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It was interesting to watch the developments of several protests that were organized. There were clashes between protesters that supported the junta and those that are against the junta. Tires were burned and rocks thrown between the two sides. These protests in part show that the democratic will of the people is still alive and well. However there is the hope that these clashes will not get out of hand.

Ecowas Protest ( Reuters)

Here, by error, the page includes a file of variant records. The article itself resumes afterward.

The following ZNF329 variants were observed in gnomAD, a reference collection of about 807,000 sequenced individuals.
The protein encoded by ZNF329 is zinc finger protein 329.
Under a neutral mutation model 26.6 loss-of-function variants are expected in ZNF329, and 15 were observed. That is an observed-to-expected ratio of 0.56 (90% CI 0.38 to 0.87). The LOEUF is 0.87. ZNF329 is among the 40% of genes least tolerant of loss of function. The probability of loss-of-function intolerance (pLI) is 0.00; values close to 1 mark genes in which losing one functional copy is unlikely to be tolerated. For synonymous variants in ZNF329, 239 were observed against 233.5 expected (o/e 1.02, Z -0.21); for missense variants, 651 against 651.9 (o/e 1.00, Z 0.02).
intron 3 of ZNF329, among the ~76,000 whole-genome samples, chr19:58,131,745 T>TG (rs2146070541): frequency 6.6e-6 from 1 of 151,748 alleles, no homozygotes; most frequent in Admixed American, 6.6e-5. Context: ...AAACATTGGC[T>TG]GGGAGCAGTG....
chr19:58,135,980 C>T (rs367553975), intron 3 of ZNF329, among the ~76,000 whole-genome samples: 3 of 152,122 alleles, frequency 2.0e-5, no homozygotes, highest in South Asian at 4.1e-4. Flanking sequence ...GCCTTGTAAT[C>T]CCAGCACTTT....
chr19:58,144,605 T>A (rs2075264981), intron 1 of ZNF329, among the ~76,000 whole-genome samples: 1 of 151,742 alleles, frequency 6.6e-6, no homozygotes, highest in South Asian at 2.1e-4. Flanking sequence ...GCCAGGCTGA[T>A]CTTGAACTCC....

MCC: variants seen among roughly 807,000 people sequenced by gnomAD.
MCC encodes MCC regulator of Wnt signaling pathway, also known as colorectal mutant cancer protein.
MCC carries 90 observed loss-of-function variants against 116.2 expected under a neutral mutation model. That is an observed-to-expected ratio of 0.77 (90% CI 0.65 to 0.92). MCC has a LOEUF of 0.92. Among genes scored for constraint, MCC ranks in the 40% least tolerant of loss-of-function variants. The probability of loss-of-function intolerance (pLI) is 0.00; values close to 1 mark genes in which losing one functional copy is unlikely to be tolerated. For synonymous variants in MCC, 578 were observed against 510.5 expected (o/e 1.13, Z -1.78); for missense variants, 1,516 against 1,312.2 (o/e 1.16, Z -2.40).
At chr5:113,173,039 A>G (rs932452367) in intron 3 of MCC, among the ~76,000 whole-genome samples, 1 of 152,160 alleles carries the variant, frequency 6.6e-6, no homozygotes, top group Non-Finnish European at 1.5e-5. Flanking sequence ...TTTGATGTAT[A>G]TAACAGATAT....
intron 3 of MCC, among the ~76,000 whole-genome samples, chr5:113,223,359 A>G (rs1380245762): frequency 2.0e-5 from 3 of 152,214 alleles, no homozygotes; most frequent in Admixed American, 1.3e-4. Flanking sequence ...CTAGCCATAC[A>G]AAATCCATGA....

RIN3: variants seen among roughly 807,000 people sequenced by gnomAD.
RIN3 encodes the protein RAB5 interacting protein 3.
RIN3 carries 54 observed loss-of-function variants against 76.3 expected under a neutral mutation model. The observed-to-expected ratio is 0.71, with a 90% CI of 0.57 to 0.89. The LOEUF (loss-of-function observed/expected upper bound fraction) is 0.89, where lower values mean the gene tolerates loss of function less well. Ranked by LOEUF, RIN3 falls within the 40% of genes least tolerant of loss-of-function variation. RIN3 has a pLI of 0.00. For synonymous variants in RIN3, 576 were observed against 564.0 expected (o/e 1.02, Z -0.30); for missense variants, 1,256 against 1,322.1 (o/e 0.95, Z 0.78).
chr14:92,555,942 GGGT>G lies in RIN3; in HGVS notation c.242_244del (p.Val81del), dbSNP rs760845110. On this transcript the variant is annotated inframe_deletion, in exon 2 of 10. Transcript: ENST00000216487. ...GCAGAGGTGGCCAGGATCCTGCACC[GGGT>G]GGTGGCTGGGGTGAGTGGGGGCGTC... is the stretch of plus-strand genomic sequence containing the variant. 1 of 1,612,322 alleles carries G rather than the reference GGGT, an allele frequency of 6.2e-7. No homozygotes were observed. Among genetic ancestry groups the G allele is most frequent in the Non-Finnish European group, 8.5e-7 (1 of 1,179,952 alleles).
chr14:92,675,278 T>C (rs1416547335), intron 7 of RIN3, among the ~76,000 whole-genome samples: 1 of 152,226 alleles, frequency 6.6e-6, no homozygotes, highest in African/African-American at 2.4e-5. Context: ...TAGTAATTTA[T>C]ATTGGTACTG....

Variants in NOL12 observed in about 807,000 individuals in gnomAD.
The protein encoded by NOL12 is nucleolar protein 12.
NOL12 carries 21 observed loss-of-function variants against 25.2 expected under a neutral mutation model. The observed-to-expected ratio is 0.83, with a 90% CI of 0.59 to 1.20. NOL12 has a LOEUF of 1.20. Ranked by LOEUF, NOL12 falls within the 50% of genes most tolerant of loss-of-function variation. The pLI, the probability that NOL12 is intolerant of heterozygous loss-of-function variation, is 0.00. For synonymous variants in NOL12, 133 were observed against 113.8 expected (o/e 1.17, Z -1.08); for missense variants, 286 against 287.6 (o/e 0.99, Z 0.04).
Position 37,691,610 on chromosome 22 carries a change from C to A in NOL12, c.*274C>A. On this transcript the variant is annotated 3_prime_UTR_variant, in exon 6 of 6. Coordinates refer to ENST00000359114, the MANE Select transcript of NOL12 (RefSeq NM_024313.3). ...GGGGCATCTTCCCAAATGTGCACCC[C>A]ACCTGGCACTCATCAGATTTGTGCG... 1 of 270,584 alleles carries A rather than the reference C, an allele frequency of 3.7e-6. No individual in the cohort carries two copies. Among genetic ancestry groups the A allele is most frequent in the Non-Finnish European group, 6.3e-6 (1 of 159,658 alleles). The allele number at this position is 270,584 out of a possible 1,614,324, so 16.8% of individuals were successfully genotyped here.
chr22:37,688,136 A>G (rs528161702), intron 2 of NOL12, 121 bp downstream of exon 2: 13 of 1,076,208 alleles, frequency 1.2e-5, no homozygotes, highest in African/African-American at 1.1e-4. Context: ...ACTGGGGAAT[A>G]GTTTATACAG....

At one point, these protesters stormed into the airport and ran on the tarmac causing security concerns to the plane of Presidential leaders of ECOWAS, and preventing them from landing. ECOWAS leaders were on their way to meet the leaders of the military coup and discuss ways on which democracy could be restored. For the past week, this same group has condemned the coup and threatened Mali with economic sanctions and locking up the borders it shares thereby preventing the transfer of goods. To be honest, if this group of African leaders had not rushed in this situation hot headed and trying to strong arm a country, I feel they would have received a better reception. Its third grade playground tactics. No one likes the bully and in this case the Malian people were saying they did not appreciate the bullying and to back off. If these leaders had invested some time in studying the situation at hand and reaching out to these leaders to see how a diplomatic solution could be reached, such a situation might not have happened. The result is Mali has now had economic sanctions placed on her and all her neighbor’s borders will been locked down in 72 hours if power is not relinquished. So what does this mean for Mali if these sanctions do go through? In actuality, this could be very bad for the 15 million Malians. Mali imports almost all of its gas from neighboring Ivory Coast. In addition, all of its banks would be on lock down as the central government will not transfer money to any Malian commercial accounts making it impossible to withdraw money. Also Mali that imports much of its food will find food prices shoot up as demand goes up and the supply reduces food stores present within the country. The devastating thing is that this will cause a lot more harm on the individual level before it even makes an impact on the government in place. Sanctions don’t effect governments, they affect individuals. The next 72 hours will help spell Mali’s fate. The refugees that find themselves in already desperate situations down north will only be pushed into a further desperation as remaining food sources become inaccessible.